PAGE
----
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Marriage Advice From A Christian Perspective

Breaking Free from Your Family of Origin

  • Debra White Smith Author, Marriage Revolution
  • 2008 4 Apr
  • COMMENTS
Breaking Free from Your Family of Origin

Therefore shall a man leave his father and his mother, and shall cleave to his wife: and they shall be one flesh. Genesis 2:24 KJV

Passage: Genesis 2:20-25

There can be no cleaving without leaving. A husband and wife cannot fully join to each other until they have severed dependence on their families of origin. While connection with extensive family networks can be a great source of support and encouragement, they were never meant to be a controlling factor in the lives of a married couple.

Many spouses are still as connected or even more connected to their families of origin as they are to their spouses. Clear signs of this are when one or both spouses excessively serve the family of origin and allow the family of origin to crash into their lives whenever and however they choose. There are no boundaries on the family of origin’s impact.

Whether geographically close or not, extended family relationships can be unhealthy to a marriage. This enmeshment may show up as an adult child calling her mom several times a day and depending on her support instead of her spouse. This often means the wife or husband is in second place to the mother. I’ve also encountered situations where sons place their parents before their wives, perhaps insisting that major holidays be spent with them.

According to Dr. David Hawkins,

Families, fellow church members, coworkers, friends, and acquaintances of all types are capable of damaging individuality. Families can be too distant and detached from one another, but they can also be too close. It may be hard to picture too much closeness, but closeness can be stifling. When individuals are too bent on pleasing one another, healthy engagement gives way to unhealthy enmeshment.

  • Each person has to know what the others are doing.
  • No privacy and no appropriate secrets are permitted.
  • Gossip is rampant.
  • People tell one another how to behave and feel.
  • People talk for one another.
  • People tell others how the others are feeling or what they are thinking.
  • One or more family members is overly controlling.
  • The family has a “right” way to do things and no other way is tolerated.

Before I heard the term “enmeshed families,” I had developed my own definition for these behavioral traits: a big wad of tangled snakes writhing together and biting each other. My analogy was based on the realization that such families are tangled in each other’s lives to the point that you can’t tell where one starts and the other stops. And they often live from one “biting” episode to another. Or somebody is not talking to somebody else at any given time. It’s a cycle of twisted, negative behavior.

When extended family units are enmeshed, often individual families are also enmeshed because that’s the way the adults learned to relate. For instance, enmeshment happens in the parent—child relationship when a child is expected to fulfill the family’s choice of career. Enmeshment happens in marriage when the husband and/or wife isn’t allowed to maintain his or her individuality but is expected to mold to the other’s expectations.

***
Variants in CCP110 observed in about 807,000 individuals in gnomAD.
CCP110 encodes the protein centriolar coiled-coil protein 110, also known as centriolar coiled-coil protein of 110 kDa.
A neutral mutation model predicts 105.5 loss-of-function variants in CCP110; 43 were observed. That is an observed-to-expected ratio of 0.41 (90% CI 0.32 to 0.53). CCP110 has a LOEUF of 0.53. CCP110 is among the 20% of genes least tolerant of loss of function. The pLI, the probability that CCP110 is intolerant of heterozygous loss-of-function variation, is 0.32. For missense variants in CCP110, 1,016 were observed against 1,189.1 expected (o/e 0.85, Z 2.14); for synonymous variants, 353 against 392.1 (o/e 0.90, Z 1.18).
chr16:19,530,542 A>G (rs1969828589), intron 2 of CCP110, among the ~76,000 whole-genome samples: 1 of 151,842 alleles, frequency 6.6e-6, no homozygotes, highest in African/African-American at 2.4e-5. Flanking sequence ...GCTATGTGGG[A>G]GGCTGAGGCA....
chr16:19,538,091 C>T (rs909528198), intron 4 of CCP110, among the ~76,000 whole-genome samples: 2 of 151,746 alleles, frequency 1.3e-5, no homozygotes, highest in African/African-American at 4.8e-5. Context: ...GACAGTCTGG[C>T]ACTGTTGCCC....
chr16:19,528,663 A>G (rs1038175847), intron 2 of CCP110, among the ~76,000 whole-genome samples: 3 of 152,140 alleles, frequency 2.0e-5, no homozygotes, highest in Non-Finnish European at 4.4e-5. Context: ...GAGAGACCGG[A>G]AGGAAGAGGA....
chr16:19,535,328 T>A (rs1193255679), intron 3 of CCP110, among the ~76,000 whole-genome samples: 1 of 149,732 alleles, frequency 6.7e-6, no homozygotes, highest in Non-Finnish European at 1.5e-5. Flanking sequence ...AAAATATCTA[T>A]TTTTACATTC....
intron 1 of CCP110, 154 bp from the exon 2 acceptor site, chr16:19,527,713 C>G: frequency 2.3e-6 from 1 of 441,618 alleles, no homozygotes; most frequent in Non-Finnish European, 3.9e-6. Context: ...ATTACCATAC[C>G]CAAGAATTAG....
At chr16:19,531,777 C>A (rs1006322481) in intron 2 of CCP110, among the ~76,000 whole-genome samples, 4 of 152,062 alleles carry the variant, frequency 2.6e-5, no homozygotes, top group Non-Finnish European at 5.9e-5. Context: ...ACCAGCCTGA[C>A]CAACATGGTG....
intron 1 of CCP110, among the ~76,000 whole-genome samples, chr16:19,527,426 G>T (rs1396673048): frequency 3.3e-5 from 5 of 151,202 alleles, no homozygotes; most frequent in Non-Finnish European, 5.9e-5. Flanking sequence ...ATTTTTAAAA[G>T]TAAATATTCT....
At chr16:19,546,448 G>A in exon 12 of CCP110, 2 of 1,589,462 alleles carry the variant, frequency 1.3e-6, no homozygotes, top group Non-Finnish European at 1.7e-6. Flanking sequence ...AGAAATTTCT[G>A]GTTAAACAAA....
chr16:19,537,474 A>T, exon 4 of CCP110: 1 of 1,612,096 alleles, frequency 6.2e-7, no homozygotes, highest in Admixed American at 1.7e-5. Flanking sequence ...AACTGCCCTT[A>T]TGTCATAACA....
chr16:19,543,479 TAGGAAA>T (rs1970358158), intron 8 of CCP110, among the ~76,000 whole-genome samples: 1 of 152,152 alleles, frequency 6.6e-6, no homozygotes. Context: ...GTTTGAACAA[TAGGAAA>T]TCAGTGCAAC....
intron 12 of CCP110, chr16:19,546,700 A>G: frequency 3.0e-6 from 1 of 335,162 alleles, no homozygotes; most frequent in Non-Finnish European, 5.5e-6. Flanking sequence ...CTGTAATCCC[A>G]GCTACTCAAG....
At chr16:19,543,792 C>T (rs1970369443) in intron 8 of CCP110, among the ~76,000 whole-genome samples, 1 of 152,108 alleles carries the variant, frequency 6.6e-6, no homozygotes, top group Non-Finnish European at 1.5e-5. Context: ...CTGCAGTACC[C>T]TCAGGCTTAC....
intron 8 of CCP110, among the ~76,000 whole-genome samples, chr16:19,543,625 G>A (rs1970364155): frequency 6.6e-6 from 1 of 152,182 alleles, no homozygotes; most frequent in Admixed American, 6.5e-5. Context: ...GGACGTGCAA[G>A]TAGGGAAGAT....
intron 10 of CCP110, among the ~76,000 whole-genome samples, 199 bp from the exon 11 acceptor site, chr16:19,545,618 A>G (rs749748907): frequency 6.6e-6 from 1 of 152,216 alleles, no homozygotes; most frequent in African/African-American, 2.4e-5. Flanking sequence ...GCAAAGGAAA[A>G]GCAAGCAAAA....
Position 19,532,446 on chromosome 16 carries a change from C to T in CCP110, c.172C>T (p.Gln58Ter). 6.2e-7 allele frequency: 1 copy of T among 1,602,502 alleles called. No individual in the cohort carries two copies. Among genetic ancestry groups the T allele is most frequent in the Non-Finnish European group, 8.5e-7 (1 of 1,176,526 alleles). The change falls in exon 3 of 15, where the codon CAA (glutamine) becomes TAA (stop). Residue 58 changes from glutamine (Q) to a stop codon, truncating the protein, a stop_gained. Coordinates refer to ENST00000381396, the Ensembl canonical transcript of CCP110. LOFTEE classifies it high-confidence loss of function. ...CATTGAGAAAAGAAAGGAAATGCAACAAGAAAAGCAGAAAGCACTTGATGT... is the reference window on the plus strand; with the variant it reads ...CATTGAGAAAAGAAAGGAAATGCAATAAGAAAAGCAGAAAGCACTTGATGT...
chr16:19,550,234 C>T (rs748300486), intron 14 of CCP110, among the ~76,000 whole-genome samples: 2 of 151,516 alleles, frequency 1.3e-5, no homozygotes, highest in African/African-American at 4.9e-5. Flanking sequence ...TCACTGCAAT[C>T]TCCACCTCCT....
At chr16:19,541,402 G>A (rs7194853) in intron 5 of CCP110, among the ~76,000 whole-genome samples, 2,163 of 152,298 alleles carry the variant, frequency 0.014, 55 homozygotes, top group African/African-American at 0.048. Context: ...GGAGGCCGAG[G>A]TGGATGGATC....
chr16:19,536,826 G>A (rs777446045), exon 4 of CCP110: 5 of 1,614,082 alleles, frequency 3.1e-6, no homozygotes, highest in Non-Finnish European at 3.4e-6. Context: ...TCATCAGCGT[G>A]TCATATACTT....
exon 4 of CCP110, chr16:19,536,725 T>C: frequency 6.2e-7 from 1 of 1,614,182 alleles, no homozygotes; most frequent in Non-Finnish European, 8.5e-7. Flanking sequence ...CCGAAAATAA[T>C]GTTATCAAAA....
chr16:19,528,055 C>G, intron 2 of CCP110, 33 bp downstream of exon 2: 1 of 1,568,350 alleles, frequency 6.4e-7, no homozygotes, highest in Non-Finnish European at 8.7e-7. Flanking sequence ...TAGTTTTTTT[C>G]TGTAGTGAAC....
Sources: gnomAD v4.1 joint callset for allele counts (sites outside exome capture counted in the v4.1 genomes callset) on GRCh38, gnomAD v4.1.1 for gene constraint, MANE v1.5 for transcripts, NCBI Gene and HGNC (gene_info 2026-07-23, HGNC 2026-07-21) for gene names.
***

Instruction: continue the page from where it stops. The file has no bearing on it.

Enmeshed families often come together to create enmeshed churches. These churches tend to stifle creativity and stick to rigid traditions that aren’t Christ-based. These groups are more interested in defending their “standards” or traditions than seeking truth and living sacrificial love. They sacrifice individuals for the tradition.

If you can see elements of enmeshment in your family, start drawing healthy boundaries. Put your mate and immediate family first. If need be, explain what’s happening gently. Get caller ID and don’t answer all the calls from excessive callers. Plan a trip away this holiday season. It doesn’t have to be far. Nobody in your extended family will die if you aren’t there, and your own family will be healthier for it.

When two individuals are differentiated and secure in their own identities, they can give themselves to one another and become one flesh as God intended. This means that they have a close and stable relationship with their parents and a loyalty to the system in which they were raised, but now they combine their family backgrounds into a new and distinct system.

Enmeshment is the opposite of individuality. Take the chains of conformity and control off you, your mate, and your kids. Allow yourselves to be who you are and to manifest the strengths God has gifted you with. Allow your children to share their feelings, even if it involves something negative. Support healthy communication and teach grace.

Lord, show me if I’m enmeshed with my family of origin or in my immediate family. Give me the insight, wisdom, and strength to draw the lines I need so I can break from enmeshed traditions. Give me the courage to stand strong when boundaries are ignored or criticized. Give me the grace to be who I am in You and offer others the freedom to be the individuals You crafted in Your image.

 


Excerpted from Marriage Revolution: Rethinking Your Relationship in Light of God's Design (Harvest House Publishers) by Debra White Smith. © 2008 Debra White Smith. Used with permission. All rights reserved.

Debra White Smith has 52 books to her credit and more than a million books in print, including Romancing Your Husband, Romancing Your Wife, and many fiction romances. Debra's award-winning writing, biblical knowledge, and entertaining humor have made her a reader favorite and a sought-after conference speaker.